United States Marine Corps History and Information

Learn about the Traditions and Customs of the USMC

Mameluke Sword, Sword Care, and Sword Knot

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Marine Corps Mameluke Sword NCO

The Mameluke Sword for Marine NCO's

Marine Corps history states that a sword of this type was presented to Marine First Lieutenant Presley O’Bannon by the Ottoman Empire viceroy, Prince Hamet, on December 8, 1805, during the First Barbary War, as a gesture of respect and praise for the Marines’ actions at the Battle of Derne. Upon his return to the United States, the state of Virginia presented him with a silver-hilted sword featuring an eaglehead hilt and a curved blade modeled after the original Mameluke sword given him by Hamet. Its blade is inscribed with his name and a commemoration of the Battle of Tripoli Harbor.

Perhaps due to the Marines’ distinguished record during this campaign, including the capture of the Tripolitan city of Derna after a long and dangerous desert march, Marine Corps CommandantArchibald Henderson adopted the Mameluke sword in 1825 for wear by Marine officers. After initial distribution in 1826, Mameluke swords have been worn except for the years 1859-75 (when Marine officers were required to wear the U.S. Model 1850 Army foot officers’ sword), and a brief period when swords were suspended during World War II. Since that time, Mameluke swords have been worn by Marine officers in a continuing tradition to the present day.

Instructions for Sword Care and Maintenance for your Mameluke Sword

Stainless steel, thought by many to be invulnerable to corrosion, is not blemish proof. With stainless steel, one must be more cautious because of the evidence of corrosion does not show itself as quickly as it does on carbon spring steel. If the blade is touched with a finger and merely wiped off with a soft rag, that finger print will be permanently etched into the steel forever! In time, the print will become more and more visible and pronounced.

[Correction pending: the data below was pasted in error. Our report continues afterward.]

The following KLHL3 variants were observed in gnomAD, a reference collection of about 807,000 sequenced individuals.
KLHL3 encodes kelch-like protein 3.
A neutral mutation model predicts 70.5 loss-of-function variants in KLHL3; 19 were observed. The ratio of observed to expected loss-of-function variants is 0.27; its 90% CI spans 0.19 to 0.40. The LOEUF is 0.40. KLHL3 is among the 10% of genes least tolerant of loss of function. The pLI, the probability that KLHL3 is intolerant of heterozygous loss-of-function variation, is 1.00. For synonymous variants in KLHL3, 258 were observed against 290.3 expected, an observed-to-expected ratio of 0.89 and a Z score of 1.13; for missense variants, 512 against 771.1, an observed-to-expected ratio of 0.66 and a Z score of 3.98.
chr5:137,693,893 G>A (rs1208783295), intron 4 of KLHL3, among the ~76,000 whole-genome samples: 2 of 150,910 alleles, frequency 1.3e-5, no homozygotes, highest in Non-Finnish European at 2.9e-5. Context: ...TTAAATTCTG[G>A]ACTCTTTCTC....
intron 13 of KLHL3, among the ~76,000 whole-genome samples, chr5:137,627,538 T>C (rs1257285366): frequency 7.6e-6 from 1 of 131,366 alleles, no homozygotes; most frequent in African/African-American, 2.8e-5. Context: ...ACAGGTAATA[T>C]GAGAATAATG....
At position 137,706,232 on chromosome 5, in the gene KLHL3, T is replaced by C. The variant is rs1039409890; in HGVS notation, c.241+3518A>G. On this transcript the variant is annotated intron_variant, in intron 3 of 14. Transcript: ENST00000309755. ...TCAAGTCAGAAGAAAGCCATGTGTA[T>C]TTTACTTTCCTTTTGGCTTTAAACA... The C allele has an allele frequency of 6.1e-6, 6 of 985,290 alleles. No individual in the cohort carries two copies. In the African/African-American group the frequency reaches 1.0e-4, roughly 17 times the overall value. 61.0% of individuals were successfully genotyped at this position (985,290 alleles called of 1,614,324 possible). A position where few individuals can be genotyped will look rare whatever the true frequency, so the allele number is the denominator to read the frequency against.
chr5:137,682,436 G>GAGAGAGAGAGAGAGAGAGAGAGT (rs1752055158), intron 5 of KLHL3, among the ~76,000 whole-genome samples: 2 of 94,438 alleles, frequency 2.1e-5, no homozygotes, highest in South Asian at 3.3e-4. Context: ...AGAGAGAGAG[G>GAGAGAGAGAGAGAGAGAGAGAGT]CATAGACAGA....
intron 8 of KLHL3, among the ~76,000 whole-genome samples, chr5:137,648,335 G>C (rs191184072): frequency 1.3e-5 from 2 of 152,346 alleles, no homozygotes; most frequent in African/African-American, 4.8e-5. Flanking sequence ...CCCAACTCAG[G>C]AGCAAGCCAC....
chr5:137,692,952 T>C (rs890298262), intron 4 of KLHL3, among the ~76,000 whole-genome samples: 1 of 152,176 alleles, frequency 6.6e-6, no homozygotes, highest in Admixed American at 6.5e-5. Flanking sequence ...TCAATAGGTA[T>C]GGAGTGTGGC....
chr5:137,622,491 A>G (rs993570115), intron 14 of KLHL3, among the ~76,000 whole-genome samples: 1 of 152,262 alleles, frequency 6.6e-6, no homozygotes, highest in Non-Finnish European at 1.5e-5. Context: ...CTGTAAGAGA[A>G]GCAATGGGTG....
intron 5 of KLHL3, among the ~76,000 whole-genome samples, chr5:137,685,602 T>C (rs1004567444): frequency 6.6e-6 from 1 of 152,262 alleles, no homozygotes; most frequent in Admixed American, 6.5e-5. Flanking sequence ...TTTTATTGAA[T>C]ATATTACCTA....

To prevent this from happening. Keep Fingers Off the Blade! In fact, keep the blade away from any bare skin as skin is very acidic. It is this acid that will eat away at the metal and the only way to stop it is by giving the blade a thorough cleaning.

All metal parts of your sword, including the wire wrapped handles, should always be covered with a light coating of oil to prevent rust. Apply a light coat of oil or a silicone spray. You can also wipe it with a silicone coated gun/reel cloth. In many respects, the gun/reel cloth is preferred as there is less tendency for dust to accumulate and trap oxygen to cause pitted areas in the blade. Instead of applying WD-40 to the blade, you may choose to use a good metal polish periodically.

Do not swing any edged weapon carelessly. Remember, this is a real weapon and must be treated with the same respect you would give a loaded firearm. When you wish to experience how it feels for warriors to wield these weapons in battle, make sure you are well out of reach of anyone. These weapons are very heavy and could slip out of your hands. Be careful not to endanger yourself or others when you manipulate these swords